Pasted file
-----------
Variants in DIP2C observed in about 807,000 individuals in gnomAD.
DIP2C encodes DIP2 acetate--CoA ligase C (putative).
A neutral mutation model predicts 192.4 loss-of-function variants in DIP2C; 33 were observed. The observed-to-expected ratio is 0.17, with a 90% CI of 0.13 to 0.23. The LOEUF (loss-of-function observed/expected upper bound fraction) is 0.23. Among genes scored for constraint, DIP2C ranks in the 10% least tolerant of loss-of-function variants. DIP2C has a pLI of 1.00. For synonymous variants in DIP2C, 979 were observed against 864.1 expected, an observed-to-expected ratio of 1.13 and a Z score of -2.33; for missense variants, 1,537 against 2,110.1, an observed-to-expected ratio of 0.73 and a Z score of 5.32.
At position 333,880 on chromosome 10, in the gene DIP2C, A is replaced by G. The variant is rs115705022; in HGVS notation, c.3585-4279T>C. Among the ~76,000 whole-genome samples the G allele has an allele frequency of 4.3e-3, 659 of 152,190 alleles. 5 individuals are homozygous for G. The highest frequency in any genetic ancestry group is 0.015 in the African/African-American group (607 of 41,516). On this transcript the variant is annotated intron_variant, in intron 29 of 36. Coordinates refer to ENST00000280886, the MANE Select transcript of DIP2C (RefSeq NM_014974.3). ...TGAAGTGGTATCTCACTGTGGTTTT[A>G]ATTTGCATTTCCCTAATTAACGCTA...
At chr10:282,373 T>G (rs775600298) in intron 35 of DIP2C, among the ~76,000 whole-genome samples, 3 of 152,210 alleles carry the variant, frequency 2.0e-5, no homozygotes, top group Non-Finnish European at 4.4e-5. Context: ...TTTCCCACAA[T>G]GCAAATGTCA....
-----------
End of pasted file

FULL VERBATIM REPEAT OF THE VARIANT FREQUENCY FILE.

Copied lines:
Variants in DIP2C observed in about 807,000 individuals in gnomAD.
DIP2C encodes DIP2 acetate--CoA ligase C (putative).
A neutral mutation model predicts 192.4 loss-of-function variants in DIP2C; 33 were observed. The observed-to-expected ratio is 0.17, with a 90% CI of 0.13 to 0.23. The LOEUF (loss-of-function observed/expected upper bound fraction) is 0.23. Among genes scored for constraint, DIP2C ranks in the 10% least tolerant of loss-of-function variants. DIP2C has a pLI of 1.00. For synonymous variants in DIP2C, 979 were observed against 864.1 expected, an observed-to-expected ratio of 1.13 and a Z score of -2.33; for missense variants, 1,537 against 2,110.1, an observed-to-expected ratio of 0.73 and a Z score of 5.32.
At position 333,880 on chromosome 10, in the gene DIP2C, A is replaced by G. The variant is rs115705022; in HGVS notation, c.3585-4279T>C. Among the ~76,000 whole-genome samples the G allele has an allele frequency of 4.3e-3, 659 of 152,190 alleles. 5 individuals are homozygous for G. The highest frequency in any genetic ancestry group is 0.015 in the African/African-American group (607 of 41,516). On this transcript the variant is annotated intron_variant, in intron 29 of 36. Coordinates refer to ENST00000280886, the MANE Select transcript of DIP2C (RefSeq NM_014974.3). ...TGAAGTGGTATCTCACTGTGGTTTT[A>G]ATTTGCATTTCCCTAATTAACGCTA...
At chr10:282,373 T>G (rs775600298) in intron 35 of DIP2C, among the ~76,000 whole-genome samples, 3 of 152,210 alleles carry the variant, frequency 2.0e-5, no homozygotes, top group Non-Finnish European at 4.4e-5. Context: ...TTTCCCACAA[T>G]GCAAATGTCA....